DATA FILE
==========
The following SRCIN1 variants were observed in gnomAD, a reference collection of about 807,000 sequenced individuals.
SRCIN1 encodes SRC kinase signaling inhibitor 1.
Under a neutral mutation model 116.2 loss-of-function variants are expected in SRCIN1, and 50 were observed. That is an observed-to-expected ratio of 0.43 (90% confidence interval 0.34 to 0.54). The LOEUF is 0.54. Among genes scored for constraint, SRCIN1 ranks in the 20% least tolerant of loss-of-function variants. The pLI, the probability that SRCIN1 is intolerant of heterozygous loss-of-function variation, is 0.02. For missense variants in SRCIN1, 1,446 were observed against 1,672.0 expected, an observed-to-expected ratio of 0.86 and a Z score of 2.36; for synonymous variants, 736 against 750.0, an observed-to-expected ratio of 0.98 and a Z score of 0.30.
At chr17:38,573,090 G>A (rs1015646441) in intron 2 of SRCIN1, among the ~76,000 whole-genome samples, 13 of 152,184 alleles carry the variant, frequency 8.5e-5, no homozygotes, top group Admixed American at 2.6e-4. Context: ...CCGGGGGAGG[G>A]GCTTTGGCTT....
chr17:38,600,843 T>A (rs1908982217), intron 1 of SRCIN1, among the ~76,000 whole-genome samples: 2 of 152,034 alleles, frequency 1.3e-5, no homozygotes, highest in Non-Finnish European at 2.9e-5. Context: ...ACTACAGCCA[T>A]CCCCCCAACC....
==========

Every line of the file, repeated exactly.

The following SRCIN1 variants were observed in gnomAD, a reference collection of about 807,000 sequenced individuals.
SRCIN1 encodes SRC kinase signaling inhibitor 1.
Under a neutral mutation model 116.2 loss-of-function variants are expected in SRCIN1, and 50 were observed. That is an observed-to-expected ratio of 0.43 (90% confidence interval 0.34 to 0.54). The LOEUF is 0.54. Among genes scored for constraint, SRCIN1 ranks in the 20% least tolerant of loss-of-function variants. The pLI, the probability that SRCIN1 is intolerant of heterozygous loss-of-function variation, is 0.02. For missense variants in SRCIN1, 1,446 were observed against 1,672.0 expected, an observed-to-expected ratio of 0.86 and a Z score of 2.36; for synonymous variants, 736 against 750.0, an observed-to-expected ratio of 0.98 and a Z score of 0.30.
At chr17:38,573,090 G>A (rs1015646441) in intron 2 of SRCIN1, among the ~76,000 whole-genome samples, 13 of 152,184 alleles carry the variant, frequency 8.5e-5, no homozygotes, top group Admixed American at 2.6e-4. Context: ...CCGGGGGAGG[G>A]GCTTTGGCTT....
chr17:38,600,843 T>A (rs1908982217), intron 1 of SRCIN1, among the ~76,000 whole-genome samples: 2 of 152,034 alleles, frequency 1.3e-5, no homozygotes, highest in Non-Finnish European at 2.9e-5. Context: ...ACTACAGCCA[T>A]CCCCCCAACC....